“Google accounted for significantly higher engagement for newspapers at 1:57 minutes, compared to the category average of 1:27 minutes,” the report notes. “This suggests that viewers look to the search engine as a source for the most relevan breaking and timely content.”

Courtesy Brightcove

The report also says, “Facebook was the most engaging referral source for entertainment categories, including broadcasters (1:57 minutes) and magazines (1:34 minutes). This can be explained that entertainment is a more commonly shared and more engaging content type among friends connecting on the social network.”

Courtesy Brightcove

Video consumption breakdown by device

In Q3, Brightcove looked at minutes of video watched and how it changed across various devices. The company says game consoles (such as Nintendo Wii and Sony PlayStation) came out on top with an average of 2:45 minutes watched per view. Online consumption came in at 2:27 minutes per view.

“This is not surprising given that gaming consoles are currently the most common playback device connected to TVs and most closely replicate a comfortable lean-back experience,” the report says. “We anticipate this disparity to increase as more customers make content available to viewers through connected TV apps and gaming consoles.”

Courtesy Brightcove

More information and statistics are available here (PDF).

[Cross-posted to Future of Media]

Digital Journal launches smartphone apps powered by Polar Mobile

December 15th, 2010

Left to right: Digital Journal CEO, Chris Hogg, and Polar Mobile CEO, Kunal Gupta, show off the new Digital Journal app. The free news app is now available for iPhone, iPod Touch, BlackBerry devices, Android devices and Windows Phone at app.digitaljournal.com

We’ve just made a big announcement on Digital Journal so I’ve included the press release below:

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As one of the first news outlets to bring user-generated content to mobile phones, Digital Journal is extending its presence to smartphones in partnership with Polar Mobile. Today, Digital Journal announces apps for almost every smartphone on the market.

Digital Journal has partnered with Polar Mobile to release free news apps for the Apple iPhone and iPod Touch as well as BlackBerry, Android and Windows Phone devices. Available for free at app.digitaljournal.com, the apps enable smartphone users to read news from Digital Journalists working in 175 countries around the world.

Readers can follow breaking news via Digital Journal’s smartphone app and share articles via Facebook, Twitter and email from within the apps.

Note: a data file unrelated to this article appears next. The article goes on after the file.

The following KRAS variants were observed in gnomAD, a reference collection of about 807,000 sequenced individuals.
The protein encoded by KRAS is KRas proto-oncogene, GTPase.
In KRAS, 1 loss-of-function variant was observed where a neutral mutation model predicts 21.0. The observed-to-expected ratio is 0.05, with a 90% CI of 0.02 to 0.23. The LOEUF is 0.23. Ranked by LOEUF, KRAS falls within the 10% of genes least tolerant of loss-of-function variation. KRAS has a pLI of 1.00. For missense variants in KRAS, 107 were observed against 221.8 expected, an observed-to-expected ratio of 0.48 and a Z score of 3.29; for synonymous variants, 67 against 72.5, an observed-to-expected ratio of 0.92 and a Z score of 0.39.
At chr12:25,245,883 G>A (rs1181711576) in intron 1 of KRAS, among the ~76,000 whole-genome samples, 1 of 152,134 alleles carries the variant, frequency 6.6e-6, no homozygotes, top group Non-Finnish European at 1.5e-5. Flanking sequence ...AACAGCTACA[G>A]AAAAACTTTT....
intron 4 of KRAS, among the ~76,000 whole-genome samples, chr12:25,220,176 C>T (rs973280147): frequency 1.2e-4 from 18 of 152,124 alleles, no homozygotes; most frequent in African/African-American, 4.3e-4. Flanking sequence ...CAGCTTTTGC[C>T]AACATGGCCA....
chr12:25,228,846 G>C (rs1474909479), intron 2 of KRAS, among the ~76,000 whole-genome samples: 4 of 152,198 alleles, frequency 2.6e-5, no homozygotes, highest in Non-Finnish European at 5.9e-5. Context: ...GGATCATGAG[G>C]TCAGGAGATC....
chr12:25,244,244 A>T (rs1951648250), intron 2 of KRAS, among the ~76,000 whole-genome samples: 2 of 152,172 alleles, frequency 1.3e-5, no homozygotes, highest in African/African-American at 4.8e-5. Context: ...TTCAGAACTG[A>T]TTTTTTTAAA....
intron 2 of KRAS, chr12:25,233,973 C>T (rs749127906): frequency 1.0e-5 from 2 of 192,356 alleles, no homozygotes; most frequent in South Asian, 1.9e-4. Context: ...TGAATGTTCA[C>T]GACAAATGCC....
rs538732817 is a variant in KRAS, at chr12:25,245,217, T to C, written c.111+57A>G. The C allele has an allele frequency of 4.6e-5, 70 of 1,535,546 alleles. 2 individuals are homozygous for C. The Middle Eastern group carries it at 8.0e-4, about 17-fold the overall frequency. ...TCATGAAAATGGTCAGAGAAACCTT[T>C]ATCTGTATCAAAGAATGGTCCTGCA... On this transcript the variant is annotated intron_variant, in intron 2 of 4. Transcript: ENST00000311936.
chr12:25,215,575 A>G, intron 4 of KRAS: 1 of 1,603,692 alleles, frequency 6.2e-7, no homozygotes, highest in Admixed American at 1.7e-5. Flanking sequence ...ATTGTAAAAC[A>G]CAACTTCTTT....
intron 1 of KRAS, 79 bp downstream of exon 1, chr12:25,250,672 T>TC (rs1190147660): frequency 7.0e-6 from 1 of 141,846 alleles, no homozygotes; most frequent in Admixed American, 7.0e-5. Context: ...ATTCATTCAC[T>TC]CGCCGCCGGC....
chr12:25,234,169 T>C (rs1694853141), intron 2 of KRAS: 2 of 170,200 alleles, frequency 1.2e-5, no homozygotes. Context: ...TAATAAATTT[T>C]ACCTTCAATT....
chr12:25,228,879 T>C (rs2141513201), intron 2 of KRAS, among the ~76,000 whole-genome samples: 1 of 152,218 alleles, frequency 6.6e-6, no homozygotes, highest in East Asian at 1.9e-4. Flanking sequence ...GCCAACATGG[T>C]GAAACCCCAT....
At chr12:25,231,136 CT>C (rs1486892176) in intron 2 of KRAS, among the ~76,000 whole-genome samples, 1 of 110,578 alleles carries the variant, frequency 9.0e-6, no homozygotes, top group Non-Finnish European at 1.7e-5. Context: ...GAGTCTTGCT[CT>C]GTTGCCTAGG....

“We’re very excited about bringing user-generated content to virtually all smartphone platforms at once,” said Chris Hogg, CEO of Digital Journal Inc. “Mobile platforms are shaping the future of media, and we’re happy to partner with Polar Mobile to bring our engaging news network into the palm of your hand.”

In partnership with Polar Mobile, Digital Journal is releasing free news apps for the Apple iPhone and iPod Touch as well as BlackBerry, Android and Windows Phone devices. Available for free at app.digitaljournal.com, the apps enable smartphone users to read news from Digital Journalists working in 175 countries around the world.

The Digital Journal news apps feature articles, blogs and images from professional and citizen journalists, bloggers, photographers and reporters around the world.

“Every brand needs a mobile strategy, and we are pleased Digital Journal has chosen to work with Polar’s Platform to grow their reach on mobile and drive new revenue,” said Kunal Gupta, Chief Executive Officer, Polar Mobile.

“The launch of Digital Journal’s new smartphone apps complement our highly interactive mobile site at m.digitaljournal.com,” said Hogg. “Our smartphone app gives mobile news readers a clean and simple interface to read news, while our mobile website offers them the chance to take part and engage in the news-gathering process.”

According to Morgan Stanley Research, the smartphone market will grow to 1 billion units by 2013. Gartner research reported worldwide mobile phone sales totalled 417 million units in the third quarter of 2010, a 35 percent increase over the same period the year before. The application marketplace is also expected to see booming growth, as the global market for mobile app downloads is expected to climb to 21 billion downloads by 2013, a Polar Mobile report indicates.

Download the app on your phone by searching for “Digital Journal” in your device’s app store or marketplace. You can also visit app.digitaljournal.com to download the free Digital Journal news app!

About DigitalJournal.com:

DigitalJournal.com is a global digital media network that attracts millions of readers. Headquartered in Toronto, Canada, DigitalJournal.com covers breaking news from around the world and is a recognized leader in social news with tens of thousands of members in 175 countries around the world. DigitalJournal.com also consults news organizations on how to empower their audience to acquire content, drive revenue and increase engagement from digital media properties. For more information, visit digitaljournal.com.

About Polar Mobile
Polar Mobile is the global leader in enabling businesses to extend their presence across mobile devices by leveraging a proprietary software Platform (SMART™). More than 7 million people in over 100 countries use Apps powered by Polar’s SMART™ Platform for the most engaging mobile experience. Polar has over 400 Apps across iPhone, BlackBerry and Android smartphones for 200 world-class customers in news, sports, entertainment and lifestyle media verticals. For more information, visit polarmobile.com.

11 key elements for the future of mobile

December 13th, 2010

Photo by Ed Yourdon

Polar Mobile, a company that makes mobile applications for more than 150 customers including Time, BusinessWeek, and Sports Illustrated, to name a few, will release a paper today that will identify the top trends in mobile for 2011.